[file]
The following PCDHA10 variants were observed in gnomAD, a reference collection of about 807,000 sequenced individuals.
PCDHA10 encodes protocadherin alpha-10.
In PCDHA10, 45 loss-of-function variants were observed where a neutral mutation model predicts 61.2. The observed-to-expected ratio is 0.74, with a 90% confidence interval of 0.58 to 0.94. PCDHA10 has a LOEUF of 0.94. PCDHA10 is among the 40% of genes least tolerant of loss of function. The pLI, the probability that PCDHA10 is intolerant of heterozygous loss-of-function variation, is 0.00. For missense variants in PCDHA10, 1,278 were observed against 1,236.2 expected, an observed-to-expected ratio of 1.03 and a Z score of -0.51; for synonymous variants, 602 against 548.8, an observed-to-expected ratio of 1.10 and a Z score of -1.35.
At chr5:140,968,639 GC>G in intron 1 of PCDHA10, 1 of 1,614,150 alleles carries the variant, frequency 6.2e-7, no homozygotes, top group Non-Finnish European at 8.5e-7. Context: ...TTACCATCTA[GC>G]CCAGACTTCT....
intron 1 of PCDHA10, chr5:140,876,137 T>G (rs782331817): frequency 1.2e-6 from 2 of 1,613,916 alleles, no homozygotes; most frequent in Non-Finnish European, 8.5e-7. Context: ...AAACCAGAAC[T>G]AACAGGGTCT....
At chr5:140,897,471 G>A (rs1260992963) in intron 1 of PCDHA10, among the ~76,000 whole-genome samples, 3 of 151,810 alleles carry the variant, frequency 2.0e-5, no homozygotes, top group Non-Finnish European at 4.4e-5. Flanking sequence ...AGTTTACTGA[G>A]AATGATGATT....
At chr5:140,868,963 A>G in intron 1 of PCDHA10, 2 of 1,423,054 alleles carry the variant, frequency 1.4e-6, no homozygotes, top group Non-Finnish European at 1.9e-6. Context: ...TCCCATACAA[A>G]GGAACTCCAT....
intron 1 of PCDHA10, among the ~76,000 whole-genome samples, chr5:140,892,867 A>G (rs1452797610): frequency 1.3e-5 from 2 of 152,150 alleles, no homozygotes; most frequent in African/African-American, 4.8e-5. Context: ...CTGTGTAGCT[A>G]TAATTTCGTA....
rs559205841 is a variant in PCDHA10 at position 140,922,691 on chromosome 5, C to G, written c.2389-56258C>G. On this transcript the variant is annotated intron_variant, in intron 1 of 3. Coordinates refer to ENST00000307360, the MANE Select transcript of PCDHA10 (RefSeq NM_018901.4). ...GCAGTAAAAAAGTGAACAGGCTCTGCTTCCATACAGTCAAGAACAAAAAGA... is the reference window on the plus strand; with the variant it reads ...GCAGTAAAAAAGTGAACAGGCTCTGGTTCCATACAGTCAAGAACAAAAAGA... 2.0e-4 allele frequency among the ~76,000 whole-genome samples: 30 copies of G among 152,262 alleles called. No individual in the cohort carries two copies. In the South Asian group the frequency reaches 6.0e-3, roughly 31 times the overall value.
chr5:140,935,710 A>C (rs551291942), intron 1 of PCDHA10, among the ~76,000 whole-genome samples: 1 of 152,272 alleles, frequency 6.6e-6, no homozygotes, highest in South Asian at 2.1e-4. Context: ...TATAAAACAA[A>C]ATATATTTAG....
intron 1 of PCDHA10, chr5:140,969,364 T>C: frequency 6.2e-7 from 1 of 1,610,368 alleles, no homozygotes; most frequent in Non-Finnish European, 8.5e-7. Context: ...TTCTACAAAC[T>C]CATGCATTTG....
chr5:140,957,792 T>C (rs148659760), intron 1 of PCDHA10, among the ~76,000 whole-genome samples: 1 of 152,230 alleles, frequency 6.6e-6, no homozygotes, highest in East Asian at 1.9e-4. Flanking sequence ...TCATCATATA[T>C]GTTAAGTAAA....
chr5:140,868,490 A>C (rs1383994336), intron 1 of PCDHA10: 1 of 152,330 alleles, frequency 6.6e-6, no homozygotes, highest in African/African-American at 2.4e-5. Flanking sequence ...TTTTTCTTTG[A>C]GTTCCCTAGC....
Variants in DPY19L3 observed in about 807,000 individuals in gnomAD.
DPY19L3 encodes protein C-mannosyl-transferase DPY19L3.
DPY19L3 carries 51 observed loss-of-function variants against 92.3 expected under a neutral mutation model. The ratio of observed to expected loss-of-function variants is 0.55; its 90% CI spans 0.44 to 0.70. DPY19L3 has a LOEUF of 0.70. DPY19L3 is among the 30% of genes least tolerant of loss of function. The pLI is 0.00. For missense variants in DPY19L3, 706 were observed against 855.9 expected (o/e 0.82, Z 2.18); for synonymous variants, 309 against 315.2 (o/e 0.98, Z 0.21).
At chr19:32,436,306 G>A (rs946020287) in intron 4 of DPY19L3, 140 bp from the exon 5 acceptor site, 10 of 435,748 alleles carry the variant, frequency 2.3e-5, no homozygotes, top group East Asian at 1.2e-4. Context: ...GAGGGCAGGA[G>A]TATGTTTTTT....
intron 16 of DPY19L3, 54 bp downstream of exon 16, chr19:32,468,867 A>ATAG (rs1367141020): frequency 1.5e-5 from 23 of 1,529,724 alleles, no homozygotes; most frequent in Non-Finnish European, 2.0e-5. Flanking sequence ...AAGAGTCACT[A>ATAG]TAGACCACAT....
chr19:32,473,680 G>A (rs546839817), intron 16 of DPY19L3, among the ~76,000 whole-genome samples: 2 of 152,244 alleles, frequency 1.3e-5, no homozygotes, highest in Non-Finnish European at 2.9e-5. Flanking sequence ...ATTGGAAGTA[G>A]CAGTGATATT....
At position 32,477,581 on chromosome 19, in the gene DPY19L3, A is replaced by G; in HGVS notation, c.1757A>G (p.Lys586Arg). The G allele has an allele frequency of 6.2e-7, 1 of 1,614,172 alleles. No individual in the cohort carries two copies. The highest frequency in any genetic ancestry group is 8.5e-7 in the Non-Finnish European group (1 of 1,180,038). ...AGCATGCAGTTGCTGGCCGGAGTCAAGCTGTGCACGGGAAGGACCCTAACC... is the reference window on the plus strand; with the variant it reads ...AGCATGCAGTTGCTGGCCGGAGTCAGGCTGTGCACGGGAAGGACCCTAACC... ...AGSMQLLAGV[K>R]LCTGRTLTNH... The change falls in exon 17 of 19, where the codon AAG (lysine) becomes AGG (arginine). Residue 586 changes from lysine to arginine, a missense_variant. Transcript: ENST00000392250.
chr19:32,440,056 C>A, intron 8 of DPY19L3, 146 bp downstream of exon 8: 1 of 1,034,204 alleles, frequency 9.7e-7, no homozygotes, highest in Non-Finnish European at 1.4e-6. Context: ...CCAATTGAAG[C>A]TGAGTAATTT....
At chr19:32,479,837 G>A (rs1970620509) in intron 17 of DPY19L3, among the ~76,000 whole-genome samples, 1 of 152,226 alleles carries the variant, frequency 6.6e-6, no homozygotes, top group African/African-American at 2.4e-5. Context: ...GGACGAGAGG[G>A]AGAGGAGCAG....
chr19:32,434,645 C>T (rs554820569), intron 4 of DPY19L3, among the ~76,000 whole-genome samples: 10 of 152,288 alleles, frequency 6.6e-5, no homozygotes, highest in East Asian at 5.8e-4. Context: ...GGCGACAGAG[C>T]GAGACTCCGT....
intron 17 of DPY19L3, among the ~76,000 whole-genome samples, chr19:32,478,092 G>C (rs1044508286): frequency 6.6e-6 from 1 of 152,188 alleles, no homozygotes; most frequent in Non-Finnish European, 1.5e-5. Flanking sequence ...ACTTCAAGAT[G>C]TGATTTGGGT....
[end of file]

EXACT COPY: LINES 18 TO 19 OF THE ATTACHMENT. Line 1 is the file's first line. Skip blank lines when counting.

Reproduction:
intron 16 of DPY19L3, 54 bp downstream of exon 16, chr19:32,468,867 A>ATAG (rs1367141020): frequency 1.5e-5 from 23 of 1,529,724 alleles, no homozygotes; most frequent in Non-Finnish European, 2.0e-5. Flanking sequence ...AAGAGTCACT[A>ATAG]TAGACCACAT....
chr19:32,473,680 G>A (rs546839817), intron 16 of DPY19L3, among the ~76,000 whole-genome samples: 2 of 152,244 alleles, frequency 1.3e-5, no homozygotes, highest in Non-Finnish European at 2.9e-5. Flanking sequence ...ATTGGAAGTA[G>A]CAGTGATATT....